Millennials, or Generation Y, have a bad rep. They are depicted as a self-serving, vain and social media-crazed. While I know plenty of late-born millennials who are wonderful and caring people, I also know that these negative claims about millennials are not without base. The following message, however, is not for the millennials. This is for my generation – a group still so young but so proximate to Gen Y that we are more often than not shoved into a generational category to which we don’t belong. So this goes out to the young ones, next in line to change the world.
Generation Y, those born between 1980 and 1995, are more commonly referred to as millennials. Generation Z, those born between 1995 and 2010, are not commonly referred to. As a member of Gen Z, Centennials as we are called, I am extremely annoyed when people call me the tail end of the millennial group because my generation is vastly different than the generation directly before me.
At this point, I feel it necessary to say that this is not for the members of my generation who are in elementary school. If you’re reading this and you are in elementary school, you’re too young to be on social media and you should put down the phone and go climb a tree or pick some dandelions or watch the latest episode of Doc McStuffins.
The main difference between my generation and the Millennials is this: I was five when 9/11 happened. I don’t remember where I was when I heard the news or even who told me. I know I was in kindergarten, but the first real memory I have of acknowledging 9/11 wasn’t until I was 10-years-old. Because I don’t remember 9/11, I certainly have no recollection of a time without warfare.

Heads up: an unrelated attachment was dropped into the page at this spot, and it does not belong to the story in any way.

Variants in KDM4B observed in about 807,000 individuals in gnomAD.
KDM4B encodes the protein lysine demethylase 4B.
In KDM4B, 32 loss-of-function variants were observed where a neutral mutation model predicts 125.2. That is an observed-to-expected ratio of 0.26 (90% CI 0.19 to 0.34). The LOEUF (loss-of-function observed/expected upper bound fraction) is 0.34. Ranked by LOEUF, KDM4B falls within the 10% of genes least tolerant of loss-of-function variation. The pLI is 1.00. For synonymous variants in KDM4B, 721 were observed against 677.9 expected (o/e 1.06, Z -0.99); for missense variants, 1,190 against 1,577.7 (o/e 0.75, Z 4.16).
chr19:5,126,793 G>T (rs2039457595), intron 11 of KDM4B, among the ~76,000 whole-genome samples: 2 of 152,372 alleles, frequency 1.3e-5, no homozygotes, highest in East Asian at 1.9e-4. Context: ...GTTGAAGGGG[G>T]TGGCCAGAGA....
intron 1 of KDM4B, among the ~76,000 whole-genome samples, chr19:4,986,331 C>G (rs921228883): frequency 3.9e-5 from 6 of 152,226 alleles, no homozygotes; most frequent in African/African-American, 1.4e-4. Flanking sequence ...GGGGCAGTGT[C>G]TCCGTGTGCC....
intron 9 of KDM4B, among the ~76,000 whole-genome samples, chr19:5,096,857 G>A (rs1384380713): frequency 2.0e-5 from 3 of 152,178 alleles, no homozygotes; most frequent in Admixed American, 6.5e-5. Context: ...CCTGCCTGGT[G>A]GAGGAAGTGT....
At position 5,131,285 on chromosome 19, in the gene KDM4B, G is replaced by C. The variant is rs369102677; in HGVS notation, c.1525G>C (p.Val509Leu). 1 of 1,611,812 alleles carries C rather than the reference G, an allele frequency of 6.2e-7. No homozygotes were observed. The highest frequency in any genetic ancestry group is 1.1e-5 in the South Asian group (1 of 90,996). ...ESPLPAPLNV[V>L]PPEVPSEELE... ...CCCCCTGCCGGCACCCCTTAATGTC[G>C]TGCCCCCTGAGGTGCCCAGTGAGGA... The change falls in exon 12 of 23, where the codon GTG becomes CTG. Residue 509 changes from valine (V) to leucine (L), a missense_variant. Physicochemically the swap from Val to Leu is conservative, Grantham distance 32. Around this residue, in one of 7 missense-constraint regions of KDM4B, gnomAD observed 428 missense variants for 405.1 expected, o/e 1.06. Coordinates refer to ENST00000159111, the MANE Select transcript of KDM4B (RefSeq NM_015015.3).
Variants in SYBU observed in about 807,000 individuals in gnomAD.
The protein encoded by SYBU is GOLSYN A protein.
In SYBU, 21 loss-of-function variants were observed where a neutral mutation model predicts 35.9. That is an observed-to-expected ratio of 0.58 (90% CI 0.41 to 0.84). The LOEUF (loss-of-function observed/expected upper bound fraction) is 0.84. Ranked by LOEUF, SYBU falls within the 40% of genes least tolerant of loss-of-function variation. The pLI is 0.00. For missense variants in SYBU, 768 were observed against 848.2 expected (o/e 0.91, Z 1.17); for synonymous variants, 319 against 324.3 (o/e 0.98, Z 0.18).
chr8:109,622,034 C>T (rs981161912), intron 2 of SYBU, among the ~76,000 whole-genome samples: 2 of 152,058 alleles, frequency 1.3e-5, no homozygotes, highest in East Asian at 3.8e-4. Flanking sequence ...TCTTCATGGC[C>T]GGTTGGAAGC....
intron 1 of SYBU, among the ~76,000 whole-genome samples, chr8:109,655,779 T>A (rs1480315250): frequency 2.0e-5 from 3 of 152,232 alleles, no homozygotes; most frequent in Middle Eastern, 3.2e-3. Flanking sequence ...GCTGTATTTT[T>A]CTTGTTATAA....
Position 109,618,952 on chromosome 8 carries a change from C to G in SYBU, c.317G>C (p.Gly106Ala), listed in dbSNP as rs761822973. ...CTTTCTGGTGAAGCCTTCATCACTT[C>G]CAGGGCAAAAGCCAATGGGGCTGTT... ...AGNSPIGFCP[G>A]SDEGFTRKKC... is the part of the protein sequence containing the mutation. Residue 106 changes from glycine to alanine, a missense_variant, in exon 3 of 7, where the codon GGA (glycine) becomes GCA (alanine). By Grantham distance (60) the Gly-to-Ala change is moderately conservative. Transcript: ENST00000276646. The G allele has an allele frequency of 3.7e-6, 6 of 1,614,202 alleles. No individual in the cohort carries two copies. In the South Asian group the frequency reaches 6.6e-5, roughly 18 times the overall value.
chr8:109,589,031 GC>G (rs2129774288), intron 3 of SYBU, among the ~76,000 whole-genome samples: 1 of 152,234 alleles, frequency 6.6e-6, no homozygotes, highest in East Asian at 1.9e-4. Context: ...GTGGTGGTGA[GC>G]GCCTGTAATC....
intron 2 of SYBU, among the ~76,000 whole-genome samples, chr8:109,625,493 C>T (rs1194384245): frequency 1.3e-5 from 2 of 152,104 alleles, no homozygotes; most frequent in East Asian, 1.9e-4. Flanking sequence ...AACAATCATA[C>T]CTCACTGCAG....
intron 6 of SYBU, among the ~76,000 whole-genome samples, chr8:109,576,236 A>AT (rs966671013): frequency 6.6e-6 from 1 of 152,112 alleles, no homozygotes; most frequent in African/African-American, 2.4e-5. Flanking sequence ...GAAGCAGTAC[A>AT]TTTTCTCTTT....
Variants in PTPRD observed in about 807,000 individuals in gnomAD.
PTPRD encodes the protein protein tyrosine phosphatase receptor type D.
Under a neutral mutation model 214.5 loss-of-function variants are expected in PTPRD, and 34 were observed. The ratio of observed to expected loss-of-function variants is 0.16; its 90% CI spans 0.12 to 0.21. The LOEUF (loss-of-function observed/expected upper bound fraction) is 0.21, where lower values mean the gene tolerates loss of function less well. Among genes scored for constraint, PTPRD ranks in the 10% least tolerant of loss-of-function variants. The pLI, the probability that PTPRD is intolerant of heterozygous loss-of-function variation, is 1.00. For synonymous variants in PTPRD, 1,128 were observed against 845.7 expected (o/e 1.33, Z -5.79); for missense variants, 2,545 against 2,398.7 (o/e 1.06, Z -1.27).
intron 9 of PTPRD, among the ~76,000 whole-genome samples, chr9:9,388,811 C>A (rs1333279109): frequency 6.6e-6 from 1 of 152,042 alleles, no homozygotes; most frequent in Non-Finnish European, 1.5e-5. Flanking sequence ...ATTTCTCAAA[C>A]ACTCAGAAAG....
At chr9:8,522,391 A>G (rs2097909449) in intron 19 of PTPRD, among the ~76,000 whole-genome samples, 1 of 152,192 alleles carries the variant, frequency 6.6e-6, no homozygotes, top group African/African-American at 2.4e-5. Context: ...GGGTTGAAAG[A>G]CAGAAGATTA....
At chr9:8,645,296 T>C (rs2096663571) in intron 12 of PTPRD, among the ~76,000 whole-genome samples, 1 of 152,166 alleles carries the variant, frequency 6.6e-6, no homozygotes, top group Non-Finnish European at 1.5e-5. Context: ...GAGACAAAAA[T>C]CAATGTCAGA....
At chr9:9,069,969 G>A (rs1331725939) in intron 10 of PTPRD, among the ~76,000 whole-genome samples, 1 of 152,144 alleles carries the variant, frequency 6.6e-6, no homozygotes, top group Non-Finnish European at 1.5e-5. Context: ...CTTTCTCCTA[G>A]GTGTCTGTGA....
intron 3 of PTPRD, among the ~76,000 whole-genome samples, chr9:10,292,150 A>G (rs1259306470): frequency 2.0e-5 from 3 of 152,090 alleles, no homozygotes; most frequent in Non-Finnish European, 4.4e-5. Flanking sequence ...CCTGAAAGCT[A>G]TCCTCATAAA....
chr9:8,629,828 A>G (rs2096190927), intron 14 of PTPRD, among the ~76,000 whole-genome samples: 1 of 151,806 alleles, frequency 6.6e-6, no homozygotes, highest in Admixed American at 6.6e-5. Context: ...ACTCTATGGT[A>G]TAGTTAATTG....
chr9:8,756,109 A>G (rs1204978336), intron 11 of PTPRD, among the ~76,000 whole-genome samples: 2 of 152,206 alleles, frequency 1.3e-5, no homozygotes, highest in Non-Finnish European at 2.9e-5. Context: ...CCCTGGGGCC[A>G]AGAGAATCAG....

The other important historical aspect to note is that I was 11 when the stock market crashed and the Great Recession began. While I was certainly old enough to remember this event, I consequently spent all of my adolescence watching my parents budget and penny-pinch. Because of this I, alongside many other elders of my generation, have been taught pragmatism and the value of saving money.
Centennials so far have been observed to be more practical and realistic than other recent generations. Our whole lives have been centered on making it through hard times, working through pain and struggle to exit a situation in better shape than when we entered it. And for those who argue that Gen Z is filled with kids making stupid decisions and being irresponsible, I retort that most of my generation is currently made up of adolescents, and I dare you to show me one teenager who doesn’t do stupid things every once in a while.
When it comes down to it, millennials and Centennials are very different people. Centennials aren’t the types of people writing articles about how to quit your job and travel the world tomorrow. Instead, we’re the ones saying it’s okay not to have life figured out, because no one is complete and fully self-discovered at the age of twenty, but we know damn well that we have to work hard to get wherever it is we're going.
It is more than likely that one day, millennials and centennials alike will be the ones sitting around telling the captivating stories about their ceaseless adventures, and how things were “back in the day.” But for now, let us distinguish our generation. Let us have a shred of the spotlight, and we will show you what we're capable of.